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You see these from time to time but they never seem to be in the best condition as many were hauled back and forth to the range quite often. Only produced from 1949 to 1952, they can be easily identified by the their extra heavy duty, untapered "Bull Barrel". I recently saw this listed for sale, complete with the original box and decided to add it to the collection. This one was produced in 1950. I also picked up a 1960 produced 6" Woodsman Match Target complete with original box and test target from the same seller. I'll post pics of that one in the SemiAuto Pistols Forum.
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Extra nice.
Those are in fairly limited number. Not necessarily scarce or rare, but few enough to make the search more of a challenge. And have your billfold with you.....
There are a few more .38 specials of it. And a fat wad of $ is usually needed for those as well.....
I have an un-fired, un-turned .38 OMS that is just too nice to shoot. I'd like it a lot more if it had the original packaging with it. (I added the wood, but I have the OE Colt plastic ones)
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Well, lookit that....those images loaded just fine.......
 

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Your OMS is just beautiful! congrats...I have one from 1950 in .38 just a shooter,but a blast to shoot
 

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Mine is slightly older than yours and a little worse for wear but in pretty good shape for its age. I shoot it pretty regularly and find it to be quite accurate and fun. I suppose this will be the last addition to my birth year collection of Colts made in 1952 as there were only about 1000 of them made that year so hopefully one will show up in the next year or so.
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I like the prewar slim lines better, but If they're accurate (and I'm sure they are), they're good!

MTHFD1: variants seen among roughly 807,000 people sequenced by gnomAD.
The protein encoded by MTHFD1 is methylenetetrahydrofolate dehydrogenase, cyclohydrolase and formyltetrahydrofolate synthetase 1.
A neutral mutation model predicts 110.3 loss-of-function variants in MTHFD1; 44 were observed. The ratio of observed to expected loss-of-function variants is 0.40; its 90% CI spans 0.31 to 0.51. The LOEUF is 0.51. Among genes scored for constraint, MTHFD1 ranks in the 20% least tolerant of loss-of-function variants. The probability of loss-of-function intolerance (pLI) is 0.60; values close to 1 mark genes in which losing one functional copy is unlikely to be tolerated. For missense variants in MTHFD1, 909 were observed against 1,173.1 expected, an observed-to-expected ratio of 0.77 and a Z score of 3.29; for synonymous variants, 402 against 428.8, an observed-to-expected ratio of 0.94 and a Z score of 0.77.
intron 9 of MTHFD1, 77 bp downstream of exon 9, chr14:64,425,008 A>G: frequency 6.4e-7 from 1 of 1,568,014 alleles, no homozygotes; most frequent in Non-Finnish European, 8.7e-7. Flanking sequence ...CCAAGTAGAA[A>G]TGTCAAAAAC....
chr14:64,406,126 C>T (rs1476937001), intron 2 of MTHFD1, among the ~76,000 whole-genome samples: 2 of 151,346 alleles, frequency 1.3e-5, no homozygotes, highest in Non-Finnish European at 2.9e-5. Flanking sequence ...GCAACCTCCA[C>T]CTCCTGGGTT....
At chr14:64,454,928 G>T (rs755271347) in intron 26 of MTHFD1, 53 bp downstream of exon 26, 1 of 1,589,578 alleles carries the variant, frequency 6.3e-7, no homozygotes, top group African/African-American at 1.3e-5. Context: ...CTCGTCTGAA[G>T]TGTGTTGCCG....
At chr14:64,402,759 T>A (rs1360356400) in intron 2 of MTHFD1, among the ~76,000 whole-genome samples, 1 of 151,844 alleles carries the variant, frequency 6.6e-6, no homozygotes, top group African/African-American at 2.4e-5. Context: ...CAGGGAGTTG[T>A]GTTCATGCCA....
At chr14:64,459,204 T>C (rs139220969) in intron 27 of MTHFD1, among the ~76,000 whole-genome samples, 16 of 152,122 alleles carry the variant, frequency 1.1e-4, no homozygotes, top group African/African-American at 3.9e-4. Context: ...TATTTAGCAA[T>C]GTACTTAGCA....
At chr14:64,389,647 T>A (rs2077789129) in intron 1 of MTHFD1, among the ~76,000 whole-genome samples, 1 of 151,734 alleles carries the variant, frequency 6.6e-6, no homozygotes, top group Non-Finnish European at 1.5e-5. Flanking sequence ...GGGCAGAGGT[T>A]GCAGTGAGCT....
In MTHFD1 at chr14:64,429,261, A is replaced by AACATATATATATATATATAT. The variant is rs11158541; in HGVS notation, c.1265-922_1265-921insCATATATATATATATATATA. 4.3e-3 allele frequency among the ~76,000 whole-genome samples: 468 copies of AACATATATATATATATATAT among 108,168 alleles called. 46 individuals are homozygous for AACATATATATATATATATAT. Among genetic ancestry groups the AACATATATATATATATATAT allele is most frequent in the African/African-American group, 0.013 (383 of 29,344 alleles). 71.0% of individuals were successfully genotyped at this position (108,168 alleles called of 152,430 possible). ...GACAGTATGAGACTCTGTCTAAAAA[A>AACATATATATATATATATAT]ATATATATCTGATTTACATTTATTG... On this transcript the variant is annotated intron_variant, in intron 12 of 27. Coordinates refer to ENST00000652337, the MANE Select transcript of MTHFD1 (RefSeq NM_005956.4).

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Nice one. I have one in 22 and 38 and find them well made and highly accurate. Their almost like PPC revolvers lite.
 

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Beautiful. My understanding is that they shoot great too. I have a OMT and a OMM in 22. I have not found my OMS in 22 yet. But I will someday. To me the OMT and OMM are "prettier" but I love the pure functional lines of the OMS. One look and there is no doubt what it was made for.
 

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They are wonderfully finished, and the actions perfect. I have two pre-war .22's, one with the recessed cylinder, and one with a regular 22 cylinder where the rimfire portions of the ammunition are not hidden. I also have a 38, with the standard 6 inch. I always wanted one in 22 magnum, and there are a few, lurking out there, in 32. The ones in 32 were for target shooting where your needed the lower recoil. An old friend of mine used to load his 32's down to where they were able to cut the target perfectly. Barrels were also made in 7 1/2 inch lengths. My favorite sight configuration are those made in the years just before WW2, for my old eyes, they beat many modern models. The notch and post match up with just a tad of light around the post. Same as in woodmen of the same period.
 

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Before I bought my OMT and OMM, I used to see Officers Model Specials for sale and passed on them because I thought they seemed kind of odd looking. I didn't realize that they were made in somewhat limited numbers and for a short window. Now that I appreciate them, I don't seem to see them offered for sale at gun shows or gun shops any more. Same with the Model 3-5-7.
 
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